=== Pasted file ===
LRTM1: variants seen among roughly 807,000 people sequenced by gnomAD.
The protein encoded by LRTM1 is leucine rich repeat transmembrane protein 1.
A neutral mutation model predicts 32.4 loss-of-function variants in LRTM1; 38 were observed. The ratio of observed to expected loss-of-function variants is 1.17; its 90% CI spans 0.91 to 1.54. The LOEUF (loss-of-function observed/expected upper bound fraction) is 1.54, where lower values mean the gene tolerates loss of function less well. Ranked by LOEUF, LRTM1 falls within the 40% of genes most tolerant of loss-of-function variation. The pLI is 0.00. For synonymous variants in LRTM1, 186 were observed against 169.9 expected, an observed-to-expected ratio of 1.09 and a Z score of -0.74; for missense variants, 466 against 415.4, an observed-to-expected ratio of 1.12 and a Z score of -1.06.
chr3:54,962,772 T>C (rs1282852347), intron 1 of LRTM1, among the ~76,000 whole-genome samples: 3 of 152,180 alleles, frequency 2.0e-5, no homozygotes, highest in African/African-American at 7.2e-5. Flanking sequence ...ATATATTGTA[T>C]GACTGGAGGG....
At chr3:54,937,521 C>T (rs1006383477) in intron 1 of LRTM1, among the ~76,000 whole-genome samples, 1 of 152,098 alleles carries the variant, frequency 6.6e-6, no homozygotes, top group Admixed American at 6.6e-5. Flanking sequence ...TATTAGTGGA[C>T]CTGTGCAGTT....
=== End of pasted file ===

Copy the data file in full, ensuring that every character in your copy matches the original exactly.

LRTM1: variants seen among roughly 807,000 people sequenced by gnomAD.
The protein encoded by LRTM1 is leucine rich repeat transmembrane protein 1.
A neutral mutation model predicts 32.4 loss-of-function variants in LRTM1; 38 were observed. The ratio of observed to expected loss-of-function variants is 1.17; its 90% CI spans 0.91 to 1.54. The LOEUF (loss-of-function observed/expected upper bound fraction) is 1.54, where lower values mean the gene tolerates loss of function less well. Ranked by LOEUF, LRTM1 falls within the 40% of genes most tolerant of loss-of-function variation. The pLI is 0.00. For synonymous variants in LRTM1, 186 were observed against 169.9 expected, an observed-to-expected ratio of 1.09 and a Z score of -0.74; for missense variants, 466 against 415.4, an observed-to-expected ratio of 1.12 and a Z score of -1.06.
chr3:54,962,772 T>C (rs1282852347), intron 1 of LRTM1, among the ~76,000 whole-genome samples: 3 of 152,180 alleles, frequency 2.0e-5, no homozygotes, highest in African/African-American at 7.2e-5. Flanking sequence ...ATATATTGTA[T>C]GACTGGAGGG....
At chr3:54,937,521 C>T (rs1006383477) in intron 1 of LRTM1, among the ~76,000 whole-genome samples, 1 of 152,098 alleles carries the variant, frequency 6.6e-6, no homozygotes, top group Admixed American at 6.6e-5. Flanking sequence ...TATTAGTGGA[C>T]CTGTGCAGTT....